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The Minor Lab merges structural, biochemical, genetic, and electrophysiological methods to dissect the mechanisms of action of ion channels, the complex protein machines that generate electrical signals in the heart, brain, and sensory systems.

Ion channels are principal conduits for information transfer into and out of cells. We are particularly interested in how ion channels function as macromolecular signaling complexes, how these complexes generate and integrate signals, and how they misfunction in human disease. We use a range of biochemical and biophysical tools to examine the molecular structures and detailed energetics that are integral to ion channel function. Our research relies heavily on X-ray crystallography, small angle X ray scattering (SAXS), isothermal titration calorimetry, circular dichroism, and analytical ultracentrifugation. Because protein structure is intimately tied to function, an equally critical part of our research implements structure based tests of the mechanisms of ion channel action and regulation in live cells using electrophysiology.

A second interest of the lab is in the development of methods to identify molecules that modify ion channel function. We are developing a variety of genetic selections to identify novel ion channel blockers and activators and uncover how they act. This research addresses a particularly pressing need as many types of ion channels lack any robust pharmacology, a situation that severely limits the ability to connect ion channel genes with their physiological functions. The development of new selective inhibitors and activators of channel function should provide new tools for ion channel research and may lead to the development of novel, ion channel directed pharmaceuticals.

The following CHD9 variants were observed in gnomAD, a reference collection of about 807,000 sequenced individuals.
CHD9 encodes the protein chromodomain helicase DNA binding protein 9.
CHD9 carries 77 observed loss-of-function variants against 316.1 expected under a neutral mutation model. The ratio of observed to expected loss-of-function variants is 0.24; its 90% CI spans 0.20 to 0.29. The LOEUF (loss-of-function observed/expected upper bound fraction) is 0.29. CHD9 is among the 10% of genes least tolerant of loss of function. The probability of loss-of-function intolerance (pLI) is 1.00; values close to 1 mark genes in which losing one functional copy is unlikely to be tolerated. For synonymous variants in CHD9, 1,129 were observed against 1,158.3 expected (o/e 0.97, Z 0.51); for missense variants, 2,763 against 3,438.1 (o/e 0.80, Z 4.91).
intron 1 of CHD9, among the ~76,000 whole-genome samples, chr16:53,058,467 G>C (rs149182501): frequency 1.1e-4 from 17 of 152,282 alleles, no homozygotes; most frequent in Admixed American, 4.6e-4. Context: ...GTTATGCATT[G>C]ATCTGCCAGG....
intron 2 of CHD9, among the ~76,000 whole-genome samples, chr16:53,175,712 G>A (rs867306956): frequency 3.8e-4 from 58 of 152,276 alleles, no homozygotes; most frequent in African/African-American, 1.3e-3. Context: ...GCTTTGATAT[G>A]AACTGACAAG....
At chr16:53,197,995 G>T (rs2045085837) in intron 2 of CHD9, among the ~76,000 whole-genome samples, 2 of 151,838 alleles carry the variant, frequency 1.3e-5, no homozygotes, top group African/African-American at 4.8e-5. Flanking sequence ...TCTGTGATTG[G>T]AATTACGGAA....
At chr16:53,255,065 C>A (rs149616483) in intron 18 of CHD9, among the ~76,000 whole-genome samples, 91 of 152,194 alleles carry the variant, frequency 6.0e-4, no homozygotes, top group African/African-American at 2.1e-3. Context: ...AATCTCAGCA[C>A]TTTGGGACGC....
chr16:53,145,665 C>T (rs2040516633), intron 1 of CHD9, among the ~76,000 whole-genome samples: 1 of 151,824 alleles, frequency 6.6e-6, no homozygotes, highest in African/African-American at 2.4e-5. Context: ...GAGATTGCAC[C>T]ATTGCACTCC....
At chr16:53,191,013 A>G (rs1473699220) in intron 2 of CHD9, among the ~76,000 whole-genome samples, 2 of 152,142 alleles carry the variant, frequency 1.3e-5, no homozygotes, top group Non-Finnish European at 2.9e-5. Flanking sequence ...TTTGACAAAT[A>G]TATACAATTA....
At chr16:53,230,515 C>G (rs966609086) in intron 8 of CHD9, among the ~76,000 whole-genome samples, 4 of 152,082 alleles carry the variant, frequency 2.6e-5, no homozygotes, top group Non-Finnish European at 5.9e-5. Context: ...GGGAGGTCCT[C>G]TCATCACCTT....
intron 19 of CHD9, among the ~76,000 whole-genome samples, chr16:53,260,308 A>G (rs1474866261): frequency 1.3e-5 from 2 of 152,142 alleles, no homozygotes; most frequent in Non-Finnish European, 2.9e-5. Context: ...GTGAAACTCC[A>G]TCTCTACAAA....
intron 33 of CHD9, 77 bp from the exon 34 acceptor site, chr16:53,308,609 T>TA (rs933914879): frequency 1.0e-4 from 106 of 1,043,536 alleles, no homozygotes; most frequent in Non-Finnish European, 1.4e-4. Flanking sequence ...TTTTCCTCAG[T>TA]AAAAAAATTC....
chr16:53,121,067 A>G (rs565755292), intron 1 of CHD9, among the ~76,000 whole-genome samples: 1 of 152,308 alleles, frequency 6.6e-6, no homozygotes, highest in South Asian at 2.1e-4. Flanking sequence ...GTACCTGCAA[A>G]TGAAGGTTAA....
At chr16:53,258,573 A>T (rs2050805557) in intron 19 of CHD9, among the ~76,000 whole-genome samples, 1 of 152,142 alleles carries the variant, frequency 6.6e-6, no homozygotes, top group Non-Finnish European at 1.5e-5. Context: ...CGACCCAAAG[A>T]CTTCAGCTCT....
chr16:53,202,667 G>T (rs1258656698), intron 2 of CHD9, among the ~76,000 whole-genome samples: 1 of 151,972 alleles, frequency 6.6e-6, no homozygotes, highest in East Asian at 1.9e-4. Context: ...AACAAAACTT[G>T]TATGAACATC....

Finally, our lab has a committed effort towards developing methods for the overexpression of eukaryotic membrane proteins with the goal of determining high-resolution structures. Our efforts aim at understanding the workings of ion channels and transporters that power the cell through their involvement in mitochondrial function.

University of California, San Francisco - Minor Lab | tel: 415.514.2551 | fax: 415.514.2550 | daniel.minor@ucsf.edu
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